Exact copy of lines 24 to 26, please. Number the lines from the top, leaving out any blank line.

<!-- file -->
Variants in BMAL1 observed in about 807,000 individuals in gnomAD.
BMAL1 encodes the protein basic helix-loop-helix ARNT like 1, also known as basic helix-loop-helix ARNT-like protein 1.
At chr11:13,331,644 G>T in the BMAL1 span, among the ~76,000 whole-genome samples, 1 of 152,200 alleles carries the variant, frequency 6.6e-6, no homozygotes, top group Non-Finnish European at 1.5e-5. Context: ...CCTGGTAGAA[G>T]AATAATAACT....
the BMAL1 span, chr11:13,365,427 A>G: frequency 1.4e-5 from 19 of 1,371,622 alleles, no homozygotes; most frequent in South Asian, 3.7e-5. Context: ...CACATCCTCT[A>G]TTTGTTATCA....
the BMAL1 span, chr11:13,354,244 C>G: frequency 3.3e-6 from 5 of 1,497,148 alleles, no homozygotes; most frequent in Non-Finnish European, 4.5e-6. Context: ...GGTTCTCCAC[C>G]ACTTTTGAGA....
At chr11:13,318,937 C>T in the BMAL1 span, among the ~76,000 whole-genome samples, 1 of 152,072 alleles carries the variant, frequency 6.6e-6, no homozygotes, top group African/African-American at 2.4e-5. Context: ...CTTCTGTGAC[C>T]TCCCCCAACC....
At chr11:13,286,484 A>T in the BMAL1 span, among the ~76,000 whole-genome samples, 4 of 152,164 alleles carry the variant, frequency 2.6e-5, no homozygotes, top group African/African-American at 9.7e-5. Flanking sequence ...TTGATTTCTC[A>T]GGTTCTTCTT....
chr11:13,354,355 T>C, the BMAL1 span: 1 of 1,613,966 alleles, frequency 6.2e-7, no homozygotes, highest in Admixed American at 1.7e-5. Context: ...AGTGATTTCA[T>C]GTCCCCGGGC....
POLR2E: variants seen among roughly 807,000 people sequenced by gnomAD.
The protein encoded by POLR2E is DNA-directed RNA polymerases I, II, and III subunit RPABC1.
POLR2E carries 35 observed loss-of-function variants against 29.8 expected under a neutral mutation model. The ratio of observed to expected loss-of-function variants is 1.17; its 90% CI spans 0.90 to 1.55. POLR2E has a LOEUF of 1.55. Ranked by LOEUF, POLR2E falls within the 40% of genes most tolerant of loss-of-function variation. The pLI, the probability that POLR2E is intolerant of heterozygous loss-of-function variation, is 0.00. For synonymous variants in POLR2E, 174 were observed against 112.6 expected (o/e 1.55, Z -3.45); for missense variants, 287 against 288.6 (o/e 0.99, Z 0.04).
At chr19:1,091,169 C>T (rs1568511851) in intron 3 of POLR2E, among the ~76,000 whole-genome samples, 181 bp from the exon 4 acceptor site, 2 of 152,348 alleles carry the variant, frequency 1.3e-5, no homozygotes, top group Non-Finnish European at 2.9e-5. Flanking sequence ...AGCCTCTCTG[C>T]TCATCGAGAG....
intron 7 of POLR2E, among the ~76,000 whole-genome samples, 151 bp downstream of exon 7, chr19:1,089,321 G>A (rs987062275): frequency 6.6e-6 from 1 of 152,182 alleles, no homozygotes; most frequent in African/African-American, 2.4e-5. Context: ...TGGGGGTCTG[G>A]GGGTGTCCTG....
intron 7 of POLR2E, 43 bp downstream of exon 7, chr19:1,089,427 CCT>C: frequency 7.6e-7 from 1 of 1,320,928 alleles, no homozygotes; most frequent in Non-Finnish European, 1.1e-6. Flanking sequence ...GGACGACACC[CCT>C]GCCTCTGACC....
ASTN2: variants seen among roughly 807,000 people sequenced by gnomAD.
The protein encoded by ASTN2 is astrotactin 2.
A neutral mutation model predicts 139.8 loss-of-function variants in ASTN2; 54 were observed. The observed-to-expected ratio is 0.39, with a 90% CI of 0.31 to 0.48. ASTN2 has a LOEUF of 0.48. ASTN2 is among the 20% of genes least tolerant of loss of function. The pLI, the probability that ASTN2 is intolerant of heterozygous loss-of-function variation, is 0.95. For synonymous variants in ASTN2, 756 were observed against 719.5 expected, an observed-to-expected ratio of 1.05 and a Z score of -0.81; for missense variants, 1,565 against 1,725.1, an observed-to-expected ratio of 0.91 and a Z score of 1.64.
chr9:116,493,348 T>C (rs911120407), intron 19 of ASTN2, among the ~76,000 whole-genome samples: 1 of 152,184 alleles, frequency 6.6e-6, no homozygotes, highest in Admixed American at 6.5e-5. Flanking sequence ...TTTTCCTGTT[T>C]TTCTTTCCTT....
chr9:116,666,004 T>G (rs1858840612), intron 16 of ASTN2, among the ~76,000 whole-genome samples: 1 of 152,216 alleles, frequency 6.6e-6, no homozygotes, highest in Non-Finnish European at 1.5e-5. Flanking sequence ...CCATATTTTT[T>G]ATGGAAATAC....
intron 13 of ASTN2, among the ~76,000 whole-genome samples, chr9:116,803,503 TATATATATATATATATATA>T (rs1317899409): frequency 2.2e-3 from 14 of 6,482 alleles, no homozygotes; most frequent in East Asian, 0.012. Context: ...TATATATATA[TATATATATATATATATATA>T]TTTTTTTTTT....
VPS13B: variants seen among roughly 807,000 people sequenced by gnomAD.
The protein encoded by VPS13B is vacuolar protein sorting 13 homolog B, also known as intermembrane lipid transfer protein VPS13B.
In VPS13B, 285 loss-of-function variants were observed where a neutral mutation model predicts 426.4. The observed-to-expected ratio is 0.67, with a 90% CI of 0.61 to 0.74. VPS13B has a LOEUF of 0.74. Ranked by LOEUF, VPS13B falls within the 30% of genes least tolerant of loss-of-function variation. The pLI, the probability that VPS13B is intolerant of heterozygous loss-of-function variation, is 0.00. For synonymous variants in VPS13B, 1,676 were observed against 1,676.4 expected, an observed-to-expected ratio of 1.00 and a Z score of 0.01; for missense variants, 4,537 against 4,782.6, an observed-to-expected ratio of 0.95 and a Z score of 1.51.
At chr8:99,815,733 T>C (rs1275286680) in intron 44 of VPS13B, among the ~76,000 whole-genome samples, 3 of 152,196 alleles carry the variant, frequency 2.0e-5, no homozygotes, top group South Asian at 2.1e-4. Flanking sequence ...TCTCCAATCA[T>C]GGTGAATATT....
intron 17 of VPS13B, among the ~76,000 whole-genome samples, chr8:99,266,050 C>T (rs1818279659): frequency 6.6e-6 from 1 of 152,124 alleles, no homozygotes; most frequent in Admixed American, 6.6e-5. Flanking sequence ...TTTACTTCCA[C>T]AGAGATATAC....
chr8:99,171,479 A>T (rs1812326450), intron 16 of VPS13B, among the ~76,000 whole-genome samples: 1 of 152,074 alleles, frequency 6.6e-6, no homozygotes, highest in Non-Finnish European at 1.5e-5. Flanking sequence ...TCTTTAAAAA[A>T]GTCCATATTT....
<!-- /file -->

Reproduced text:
At chr8:99,815,733 T>C (rs1275286680) in intron 44 of VPS13B, among the ~76,000 whole-genome samples, 3 of 152,196 alleles carry the variant, frequency 2.0e-5, no homozygotes, top group South Asian at 2.1e-4. Flanking sequence ...TCTCCAATCA[T>C]GGTGAATATT....
intron 17 of VPS13B, among the ~76,000 whole-genome samples, chr8:99,266,050 C>T (rs1818279659): frequency 6.6e-6 from 1 of 152,124 alleles, no homozygotes; most frequent in Admixed American, 6.6e-5. Flanking sequence ...TTTACTTCCA[C>T]AGAGATATAC....
chr8:99,171,479 A>T (rs1812326450), intron 16 of VPS13B, among the ~76,000 whole-genome samples: 1 of 152,074 alleles, frequency 6.6e-6, no homozygotes, highest in Non-Finnish European at 1.5e-5. Flanking sequence ...TCTTTAAAAA[A>T]GTCCATATTT....